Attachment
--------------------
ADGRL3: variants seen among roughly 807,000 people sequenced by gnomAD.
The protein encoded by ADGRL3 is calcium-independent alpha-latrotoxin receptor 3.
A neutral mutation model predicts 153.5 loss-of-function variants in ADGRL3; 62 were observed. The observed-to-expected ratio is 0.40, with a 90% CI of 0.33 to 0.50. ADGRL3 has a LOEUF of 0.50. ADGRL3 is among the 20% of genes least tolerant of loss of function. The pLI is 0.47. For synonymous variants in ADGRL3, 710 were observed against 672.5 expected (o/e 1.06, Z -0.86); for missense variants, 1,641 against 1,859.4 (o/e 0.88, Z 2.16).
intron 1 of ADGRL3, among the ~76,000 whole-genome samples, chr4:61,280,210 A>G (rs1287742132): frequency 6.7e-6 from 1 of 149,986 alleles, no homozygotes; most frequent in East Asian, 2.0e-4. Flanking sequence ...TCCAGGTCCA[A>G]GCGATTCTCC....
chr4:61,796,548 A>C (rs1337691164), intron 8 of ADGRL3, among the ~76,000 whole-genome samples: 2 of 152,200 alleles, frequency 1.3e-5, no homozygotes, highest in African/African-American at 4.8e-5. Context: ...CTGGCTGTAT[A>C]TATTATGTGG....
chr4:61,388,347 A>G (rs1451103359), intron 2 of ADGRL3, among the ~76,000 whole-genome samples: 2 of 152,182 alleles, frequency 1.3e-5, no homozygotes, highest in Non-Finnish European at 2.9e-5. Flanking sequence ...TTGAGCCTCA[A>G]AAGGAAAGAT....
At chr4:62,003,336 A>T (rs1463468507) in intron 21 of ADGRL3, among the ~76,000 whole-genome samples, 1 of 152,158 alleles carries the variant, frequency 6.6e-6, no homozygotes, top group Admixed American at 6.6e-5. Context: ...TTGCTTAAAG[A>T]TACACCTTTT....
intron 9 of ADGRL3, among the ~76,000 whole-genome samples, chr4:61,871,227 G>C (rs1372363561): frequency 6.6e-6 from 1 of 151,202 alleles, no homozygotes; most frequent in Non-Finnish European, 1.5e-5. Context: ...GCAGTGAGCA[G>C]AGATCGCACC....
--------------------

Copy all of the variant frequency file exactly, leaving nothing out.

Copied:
ADGRL3: variants seen among roughly 807,000 people sequenced by gnomAD.
The protein encoded by ADGRL3 is calcium-independent alpha-latrotoxin receptor 3.
A neutral mutation model predicts 153.5 loss-of-function variants in ADGRL3; 62 were observed. The observed-to-expected ratio is 0.40, with a 90% CI of 0.33 to 0.50. ADGRL3 has a LOEUF of 0.50. ADGRL3 is among the 20% of genes least tolerant of loss of function. The pLI is 0.47. For synonymous variants in ADGRL3, 710 were observed against 672.5 expected (o/e 1.06, Z -0.86); for missense variants, 1,641 against 1,859.4 (o/e 0.88, Z 2.16).
intron 1 of ADGRL3, among the ~76,000 whole-genome samples, chr4:61,280,210 A>G (rs1287742132): frequency 6.7e-6 from 1 of 149,986 alleles, no homozygotes; most frequent in East Asian, 2.0e-4. Flanking sequence ...TCCAGGTCCA[A>G]GCGATTCTCC....
chr4:61,796,548 A>C (rs1337691164), intron 8 of ADGRL3, among the ~76,000 whole-genome samples: 2 of 152,200 alleles, frequency 1.3e-5, no homozygotes, highest in African/African-American at 4.8e-5. Context: ...CTGGCTGTAT[A>C]TATTATGTGG....
chr4:61,388,347 A>G (rs1451103359), intron 2 of ADGRL3, among the ~76,000 whole-genome samples: 2 of 152,182 alleles, frequency 1.3e-5, no homozygotes, highest in Non-Finnish European at 2.9e-5. Flanking sequence ...TTGAGCCTCA[A>G]AAGGAAAGAT....
At chr4:62,003,336 A>T (rs1463468507) in intron 21 of ADGRL3, among the ~76,000 whole-genome samples, 1 of 152,158 alleles carries the variant, frequency 6.6e-6, no homozygotes, top group Admixed American at 6.6e-5. Context: ...TTGCTTAAAG[A>T]TACACCTTTT....
intron 9 of ADGRL3, among the ~76,000 whole-genome samples, chr4:61,871,227 G>C (rs1372363561): frequency 6.6e-6 from 1 of 151,202 alleles, no homozygotes; most frequent in Non-Finnish European, 1.5e-5. Context: ...GCAGTGAGCA[G>C]AGATCGCACC....